No. Just don’t cover it tight. And I’m also poke it all the way down (I’m fermenting in the glass jars, covered with cheese clothe) with wooden skewer ., to release gasses…

  5. Chelsea says

    I’m planning on giving Classic Sauerkraut (Green) and this Hot Pink Spicy Kraut (Off Red) for my Christmas baskets this year! I love the Giving 5 Hands of Christmas this year, and am wanting to hit all 5 for this Christmas. Merry wishes to all.

    Christmas Delight~

  6. taliny says

    This looks freakin amaazzzzing. I just made a batch of traditional sauerkraut ( also found on your website). This is definitely next on my list. Why am I fermenting? Newly pregnant – my doctor is BIG on fermented foods aka healthy bacteria. So today, I made pickles, pickled beets, and sauerkraut. I’m excited.

  7. Lisa says

    3 weeks fermenting today and just tasted mine! It is perfect, just the right amount of warmth. This recipe is definitely a keeper! A bonus that it is pretty too!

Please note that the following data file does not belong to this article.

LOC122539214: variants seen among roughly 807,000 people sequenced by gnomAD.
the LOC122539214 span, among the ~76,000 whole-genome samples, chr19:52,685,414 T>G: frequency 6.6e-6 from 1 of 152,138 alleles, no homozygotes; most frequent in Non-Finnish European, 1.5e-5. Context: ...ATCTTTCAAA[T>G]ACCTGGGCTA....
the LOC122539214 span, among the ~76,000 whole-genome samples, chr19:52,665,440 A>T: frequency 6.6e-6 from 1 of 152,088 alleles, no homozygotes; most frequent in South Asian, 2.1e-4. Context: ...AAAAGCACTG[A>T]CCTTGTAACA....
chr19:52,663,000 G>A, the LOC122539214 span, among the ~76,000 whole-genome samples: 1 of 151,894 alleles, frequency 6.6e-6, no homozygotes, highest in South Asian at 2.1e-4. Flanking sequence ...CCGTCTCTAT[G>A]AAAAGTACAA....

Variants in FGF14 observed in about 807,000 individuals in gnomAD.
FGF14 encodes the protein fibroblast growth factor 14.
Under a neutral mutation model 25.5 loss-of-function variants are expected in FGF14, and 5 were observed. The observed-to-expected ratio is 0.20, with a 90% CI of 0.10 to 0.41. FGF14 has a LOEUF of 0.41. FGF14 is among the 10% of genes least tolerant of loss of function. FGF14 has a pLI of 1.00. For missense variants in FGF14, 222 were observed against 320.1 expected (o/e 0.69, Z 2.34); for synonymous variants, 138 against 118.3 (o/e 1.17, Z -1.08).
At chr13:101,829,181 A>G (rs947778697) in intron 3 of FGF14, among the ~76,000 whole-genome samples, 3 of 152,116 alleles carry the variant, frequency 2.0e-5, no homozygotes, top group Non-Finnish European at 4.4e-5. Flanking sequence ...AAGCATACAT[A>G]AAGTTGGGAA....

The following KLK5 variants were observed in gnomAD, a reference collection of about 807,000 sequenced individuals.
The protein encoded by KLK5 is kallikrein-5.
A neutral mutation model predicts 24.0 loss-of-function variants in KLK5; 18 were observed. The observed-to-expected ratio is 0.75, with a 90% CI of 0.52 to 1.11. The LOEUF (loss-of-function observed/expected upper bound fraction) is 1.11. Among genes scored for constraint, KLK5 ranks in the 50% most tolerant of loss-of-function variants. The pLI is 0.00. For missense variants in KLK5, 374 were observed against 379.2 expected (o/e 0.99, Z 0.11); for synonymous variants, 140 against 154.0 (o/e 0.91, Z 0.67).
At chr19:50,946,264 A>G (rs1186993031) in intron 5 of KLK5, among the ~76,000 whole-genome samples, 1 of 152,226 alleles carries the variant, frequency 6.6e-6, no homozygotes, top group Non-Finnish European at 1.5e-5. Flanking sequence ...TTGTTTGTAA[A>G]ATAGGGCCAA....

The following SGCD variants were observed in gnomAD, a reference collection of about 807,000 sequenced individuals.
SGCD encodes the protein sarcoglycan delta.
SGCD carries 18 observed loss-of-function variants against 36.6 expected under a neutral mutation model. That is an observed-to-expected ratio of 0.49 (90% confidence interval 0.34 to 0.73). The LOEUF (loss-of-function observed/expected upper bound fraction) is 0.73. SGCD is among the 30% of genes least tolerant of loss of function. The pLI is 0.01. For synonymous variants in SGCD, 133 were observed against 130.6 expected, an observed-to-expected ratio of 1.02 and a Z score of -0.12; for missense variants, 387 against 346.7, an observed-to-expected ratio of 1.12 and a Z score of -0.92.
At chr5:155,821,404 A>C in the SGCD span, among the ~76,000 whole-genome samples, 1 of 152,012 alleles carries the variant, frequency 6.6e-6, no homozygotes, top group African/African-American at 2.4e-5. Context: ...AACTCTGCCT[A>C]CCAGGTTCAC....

8. Diana says

    I did ferment for 3 weeks, but keep my house at 68 degress in the winter so was not surprised that it took that long. Not only is it beautiful, but it is very tasty. I served it slightly warmed with sauteed venison hot links.

  9. lydia says


    I just did a slightly modified version of this with green cabbages and only one jalapeno per three or four cabbages, but about the same or even a big more garlic. It smell delicious! This is only my third batch of kraut, so wanted to get your feedback, if you would be so generous. I am getting ready to have a baby so this batch was BIG– 18 cabbages!– so I would be really sad if it failed. I have a real crock with a water seal and within 24 hrs it started letting out lots of bubbles. This batch is on day five, and when I open it, there are tons of bubbles– it is almost foamy, but the bubbles are big. And the cabbage had inflated, almost lifting the stones out of the brine, it had so much gas in the submerged cabbage. I compressed the cabbage back down and it was like punching down bread dough! Is this just a very active batch? It smells delicious and has no sign of mold or anything weird going on at the top of the brine. Thank you so much. I just discovered your site and it is such an amazing resource, and so elegantly presented!